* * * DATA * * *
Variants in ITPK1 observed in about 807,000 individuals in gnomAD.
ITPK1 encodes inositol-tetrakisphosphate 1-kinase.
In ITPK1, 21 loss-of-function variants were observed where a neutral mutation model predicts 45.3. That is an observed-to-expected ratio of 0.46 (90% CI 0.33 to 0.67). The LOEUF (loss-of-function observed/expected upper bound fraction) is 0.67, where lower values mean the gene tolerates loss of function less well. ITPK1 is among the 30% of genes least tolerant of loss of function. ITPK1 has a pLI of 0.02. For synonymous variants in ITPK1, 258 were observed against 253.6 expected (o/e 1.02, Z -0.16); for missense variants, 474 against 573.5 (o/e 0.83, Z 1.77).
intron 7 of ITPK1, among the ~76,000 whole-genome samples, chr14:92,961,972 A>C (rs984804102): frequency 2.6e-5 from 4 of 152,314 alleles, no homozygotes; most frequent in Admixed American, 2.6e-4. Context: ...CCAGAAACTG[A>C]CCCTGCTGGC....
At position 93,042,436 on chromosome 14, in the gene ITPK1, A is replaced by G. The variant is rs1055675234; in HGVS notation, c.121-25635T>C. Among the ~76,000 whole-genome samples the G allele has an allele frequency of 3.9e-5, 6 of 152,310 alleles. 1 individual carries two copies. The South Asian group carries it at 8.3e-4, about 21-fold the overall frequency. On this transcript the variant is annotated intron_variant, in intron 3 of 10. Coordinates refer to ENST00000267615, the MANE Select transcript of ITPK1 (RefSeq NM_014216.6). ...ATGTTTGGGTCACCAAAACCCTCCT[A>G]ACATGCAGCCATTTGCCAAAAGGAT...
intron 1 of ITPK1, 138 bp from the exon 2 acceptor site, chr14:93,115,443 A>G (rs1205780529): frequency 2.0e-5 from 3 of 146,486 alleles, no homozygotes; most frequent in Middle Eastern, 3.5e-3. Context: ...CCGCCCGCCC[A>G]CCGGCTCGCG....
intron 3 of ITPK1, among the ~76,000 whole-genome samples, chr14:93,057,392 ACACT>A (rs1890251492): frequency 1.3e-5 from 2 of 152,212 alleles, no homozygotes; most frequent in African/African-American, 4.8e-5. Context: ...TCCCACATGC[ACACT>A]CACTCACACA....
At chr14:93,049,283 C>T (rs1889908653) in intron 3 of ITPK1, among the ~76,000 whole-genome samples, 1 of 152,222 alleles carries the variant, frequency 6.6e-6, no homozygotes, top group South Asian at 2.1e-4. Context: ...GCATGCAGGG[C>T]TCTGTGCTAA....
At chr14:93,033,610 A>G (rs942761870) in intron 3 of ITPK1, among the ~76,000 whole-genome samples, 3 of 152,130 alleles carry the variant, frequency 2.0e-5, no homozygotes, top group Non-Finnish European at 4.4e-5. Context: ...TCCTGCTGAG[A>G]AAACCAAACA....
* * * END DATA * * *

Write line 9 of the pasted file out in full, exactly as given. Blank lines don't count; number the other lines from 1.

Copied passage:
At chr14:93,033,610 A>G (rs942761870) in intron 3 of ITPK1, among the ~76,000 whole-genome samples, 3 of 152,130 alleles carry the variant, frequency 2.0e-5, no homozygotes, top group Non-Finnish European at 4.4e-5. Context: ...TCCTGCTGAG[A>G]AAACCAAACA....